Saturday, 13 December 2014

CIA Torture and a look forward to 2015

So now we know.  

What many people have suspected for years is now officially recognized by the Senate report on CIA activities – post 9/11, torture has been used in a vain attempt to obtain “information” from detainees to make America safe.  No matter that under UN Charters, torture is illegal.  No matter that there is no irrefutable evidence that any of the information gained under torture has added anything useful to information already available through other means.  No matter that the US has roundly condemned other countries like Saddam’s Iraq, Gaddafi’s Libya, and Assad’s Syria for employing torture as a means to an end – it has been doing precisely the same thing.   But of course, that’s different – the US are the good guys, and Saddam, Gaddafi and Assad Muslims, sponsors of al-Qaeda and therefore bad guys.

Bull.  This is just another example of the hypocrisy and arrogance that is rapidly destroying any good reputation the US may once have had in world affairs.  It’s no more than affirmation that actually America is, right now, an ailing country in urgent need of treatment.

This has been the case for years – arguably, in fact, from its first colonization by white European settlers.  Then, the enemy was the native American, who was the wrong colour, wore very little in the way of clothing and had never heard of God, never mind worshipped him.  So of course the “New” Americans – British, Dutch and other Europeans until Independence - wasted little time in sorting out that little difficulty by a wholesale slaughter using weapons that were superior to anything the Natives possessed.  It was a process that continued as the settlers spread westward across the plains, through to the Indian Wars in the 19th century that completed the job and forced the surviving Redskins into reservations.   Nowadays, these might be termed concentration camps or perhaps, more charitably, mere ghettoes.   But by whatever means, the Native population had been decimated and left with little in the way of wealth, prospects or human dignity. 

By this time, of course, our Americans had created and were close to abandoning a slave economy.  Again, millions of people, all the wrong colour, had been uprooted from their homelands – this time far away on the African continent – and shipped in the most appalling conditions to America, where they were sold in the same way as animals, to labour and make life easier for the white owner.  It took a bloody Civil War to end slavery, at least in law, though it has been argued that slavery still exists, not only in the US but across the “civilised” – for which read Western white – world.  My own country, the UK, should hang its head in shame over this – it has at least apologised for its part in the 18th and 19th century slave trade in providing the ships to transport them – and do more to combat the appalling conditions that still exist elsewhere (including it has to be said in Britain itself).  The Australian government has apologised for doling out similar treatment to its Aboriginal population and continues to take steps (perhaps too small, but steps nonetheless) to help them live better lives now.  Perhaps I missed it, but I cannot recall similar action being taken towards the Native American population by a US government.  

Despite Rosa Parks and the efforts of other Civil Rights campaigners like Martin Luther King that have given the coloured American population much better lives than even fifty years ago, with better living conditions and career prospects than ever before, racism is still rife in the country (as it is elsewhere, including in many European nations and in Britain).  Proportionately more black people live in low quality housing.  Proportionately more are in prison or unemployed or poorly educated.  This cannot be mere bad luck, nor can all of them be blamed for the positions in which they find themselves.  No, the victimisation is still there and still clear, and frequently ignored or swept under the carpet.  The events in Ferguson Missouri and New York over the past few weeks clearly show that racism is still rife amongst US law enforcement agencies, and that there is still a reluctance to address the situation.  Two unarmed coloured men die at the hands (in one case quite literally) of white law enforcement officers, and yet in neither case have criminal charges been brought.  Quite the opposite: in both cases, the victims themselves have been blamed for essentially bringing about their own fate.  The unrest and demonstrations of people nationwide, both black and white, suggest the opinion is not shared by the general public.  Meanwhile, across the country, not a day goes by without similar cases being reported.  The evil gun culture, so entrenched in US society, continues to rack up its bloody toll, and the powerful (and rich) NRA continues to influence politicians to block any legislation that may change this.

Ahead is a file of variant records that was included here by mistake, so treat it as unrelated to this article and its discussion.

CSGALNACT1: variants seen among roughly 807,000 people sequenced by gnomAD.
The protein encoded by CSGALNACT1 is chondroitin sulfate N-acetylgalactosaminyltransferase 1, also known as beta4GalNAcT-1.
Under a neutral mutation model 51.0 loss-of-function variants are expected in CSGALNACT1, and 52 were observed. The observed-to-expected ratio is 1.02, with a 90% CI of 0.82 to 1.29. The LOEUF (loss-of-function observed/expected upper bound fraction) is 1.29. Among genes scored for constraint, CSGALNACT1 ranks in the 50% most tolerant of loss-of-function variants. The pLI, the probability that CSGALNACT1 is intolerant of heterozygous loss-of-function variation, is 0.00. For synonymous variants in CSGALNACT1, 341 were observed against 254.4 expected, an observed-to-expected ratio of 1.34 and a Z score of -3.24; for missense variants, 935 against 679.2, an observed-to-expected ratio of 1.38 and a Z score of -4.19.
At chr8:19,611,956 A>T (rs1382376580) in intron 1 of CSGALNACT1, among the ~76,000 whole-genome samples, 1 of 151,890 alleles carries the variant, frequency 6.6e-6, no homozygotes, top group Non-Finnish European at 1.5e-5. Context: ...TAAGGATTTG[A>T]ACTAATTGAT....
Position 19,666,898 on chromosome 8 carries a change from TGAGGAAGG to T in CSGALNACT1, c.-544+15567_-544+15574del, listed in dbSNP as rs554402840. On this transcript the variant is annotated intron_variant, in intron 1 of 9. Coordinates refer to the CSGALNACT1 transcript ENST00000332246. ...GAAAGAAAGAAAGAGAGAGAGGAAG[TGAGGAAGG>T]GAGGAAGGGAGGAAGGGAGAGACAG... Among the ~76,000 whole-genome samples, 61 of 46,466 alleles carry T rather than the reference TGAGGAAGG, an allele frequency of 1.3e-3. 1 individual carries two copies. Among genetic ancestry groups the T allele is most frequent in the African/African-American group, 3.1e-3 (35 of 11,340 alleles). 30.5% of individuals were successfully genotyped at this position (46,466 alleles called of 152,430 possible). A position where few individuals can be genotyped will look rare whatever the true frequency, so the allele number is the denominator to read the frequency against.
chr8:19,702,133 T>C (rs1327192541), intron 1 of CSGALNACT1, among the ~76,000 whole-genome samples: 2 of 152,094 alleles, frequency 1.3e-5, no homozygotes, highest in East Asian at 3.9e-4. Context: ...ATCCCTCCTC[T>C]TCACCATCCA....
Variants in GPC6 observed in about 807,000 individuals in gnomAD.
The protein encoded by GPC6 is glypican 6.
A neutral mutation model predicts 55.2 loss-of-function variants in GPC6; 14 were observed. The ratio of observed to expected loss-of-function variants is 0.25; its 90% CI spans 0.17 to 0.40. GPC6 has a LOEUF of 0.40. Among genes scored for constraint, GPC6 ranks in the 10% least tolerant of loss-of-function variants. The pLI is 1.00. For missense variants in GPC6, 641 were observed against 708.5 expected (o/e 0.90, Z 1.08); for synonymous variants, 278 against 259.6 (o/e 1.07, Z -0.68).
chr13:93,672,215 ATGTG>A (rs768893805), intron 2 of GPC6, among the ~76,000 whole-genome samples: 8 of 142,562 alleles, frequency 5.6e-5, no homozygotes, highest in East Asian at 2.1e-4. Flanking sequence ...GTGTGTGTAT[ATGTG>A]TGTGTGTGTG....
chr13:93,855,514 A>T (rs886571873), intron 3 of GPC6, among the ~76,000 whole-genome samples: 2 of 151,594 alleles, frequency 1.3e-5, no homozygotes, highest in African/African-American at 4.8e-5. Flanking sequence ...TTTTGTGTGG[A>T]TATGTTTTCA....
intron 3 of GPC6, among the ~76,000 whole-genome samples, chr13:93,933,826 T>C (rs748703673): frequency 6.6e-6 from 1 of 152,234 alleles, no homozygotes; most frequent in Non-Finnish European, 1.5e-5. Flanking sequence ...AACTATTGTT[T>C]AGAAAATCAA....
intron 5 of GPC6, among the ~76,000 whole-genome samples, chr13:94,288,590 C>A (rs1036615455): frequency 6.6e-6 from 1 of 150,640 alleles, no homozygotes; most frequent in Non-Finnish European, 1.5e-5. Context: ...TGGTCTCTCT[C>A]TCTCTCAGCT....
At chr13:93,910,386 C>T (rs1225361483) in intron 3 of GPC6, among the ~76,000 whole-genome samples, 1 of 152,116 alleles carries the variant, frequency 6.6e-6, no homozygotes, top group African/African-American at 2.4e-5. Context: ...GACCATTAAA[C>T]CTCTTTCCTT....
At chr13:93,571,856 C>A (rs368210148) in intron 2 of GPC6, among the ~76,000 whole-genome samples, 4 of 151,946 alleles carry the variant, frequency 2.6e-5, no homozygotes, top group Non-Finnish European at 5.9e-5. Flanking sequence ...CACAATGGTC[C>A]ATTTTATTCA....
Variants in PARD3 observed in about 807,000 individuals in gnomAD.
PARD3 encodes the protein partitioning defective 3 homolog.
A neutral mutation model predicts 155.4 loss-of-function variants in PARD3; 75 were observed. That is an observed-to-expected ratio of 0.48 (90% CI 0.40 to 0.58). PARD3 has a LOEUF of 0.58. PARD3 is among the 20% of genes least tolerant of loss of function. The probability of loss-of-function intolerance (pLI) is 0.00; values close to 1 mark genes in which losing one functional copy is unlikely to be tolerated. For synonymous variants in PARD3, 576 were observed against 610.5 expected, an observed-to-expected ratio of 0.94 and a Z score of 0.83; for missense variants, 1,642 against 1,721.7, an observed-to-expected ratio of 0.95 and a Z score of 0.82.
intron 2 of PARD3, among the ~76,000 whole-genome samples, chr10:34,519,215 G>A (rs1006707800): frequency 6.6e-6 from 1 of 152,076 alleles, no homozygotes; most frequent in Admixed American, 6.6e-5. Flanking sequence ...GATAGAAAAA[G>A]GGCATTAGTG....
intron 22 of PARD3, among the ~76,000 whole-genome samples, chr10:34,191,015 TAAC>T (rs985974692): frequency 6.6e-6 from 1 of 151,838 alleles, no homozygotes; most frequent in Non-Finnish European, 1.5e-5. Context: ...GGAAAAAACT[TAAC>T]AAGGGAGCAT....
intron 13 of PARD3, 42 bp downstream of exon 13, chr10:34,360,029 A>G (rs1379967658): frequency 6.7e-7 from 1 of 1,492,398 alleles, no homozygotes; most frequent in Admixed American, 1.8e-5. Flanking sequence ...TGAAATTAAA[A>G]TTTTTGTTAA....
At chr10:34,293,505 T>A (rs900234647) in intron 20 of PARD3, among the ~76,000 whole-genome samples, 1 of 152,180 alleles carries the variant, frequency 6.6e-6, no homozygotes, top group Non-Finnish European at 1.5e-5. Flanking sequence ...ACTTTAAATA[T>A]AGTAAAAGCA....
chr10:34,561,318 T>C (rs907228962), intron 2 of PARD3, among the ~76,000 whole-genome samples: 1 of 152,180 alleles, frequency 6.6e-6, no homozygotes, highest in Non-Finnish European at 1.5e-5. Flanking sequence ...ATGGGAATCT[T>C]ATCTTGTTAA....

And now, since 9/11, there is a new enemy to fear, and that is the Muslim.  Don’t get me wrong, please, I condemn the 9/11 atrocity without reservation, and equally the 7/7 atrocity that hit London subsequently, and indeed any other terrorist act.  But the way the Bush government lashed out in response, like a spoilt child whose favourite toy has been broken, and dragged the British and the rest of the Coalition along with it on a pile of doctored “evidence” and lies has surely made the situation worse. 

In the 1990s, Iraq invaded Kuwait (a territory that it claimed, historically, to be part of Iraq).  Protesting that invading a “sovereign nation” was wrong and against international law (correct on both counts) Bush the Elder launched the First Gulf War and with the help of Britain and others pushed Saddam’s army back across the border and “liberated” Kuwait.  This was accepted by pretty much everyone, including Arab nations.  Fast forward a few years to 9/11.  Bush the Younger’s response to the attack on America’s own soil was to launch the War on Terror, ostensibly against the al Qaeda organization (NOT in itself a sovereign nation) and to pursue this invaded both Iraq (where the butcher Saddam was toppled) and Afghanistan (where the fundamentalist Taliban were ousted from power).  This seems to me to be hypocritical at the very least – you cannot accuse someone, no matter how heinous they are, of breaking international law in this way, and then within a very a short span do exactly the same thing and insist you are doing “the right thing”.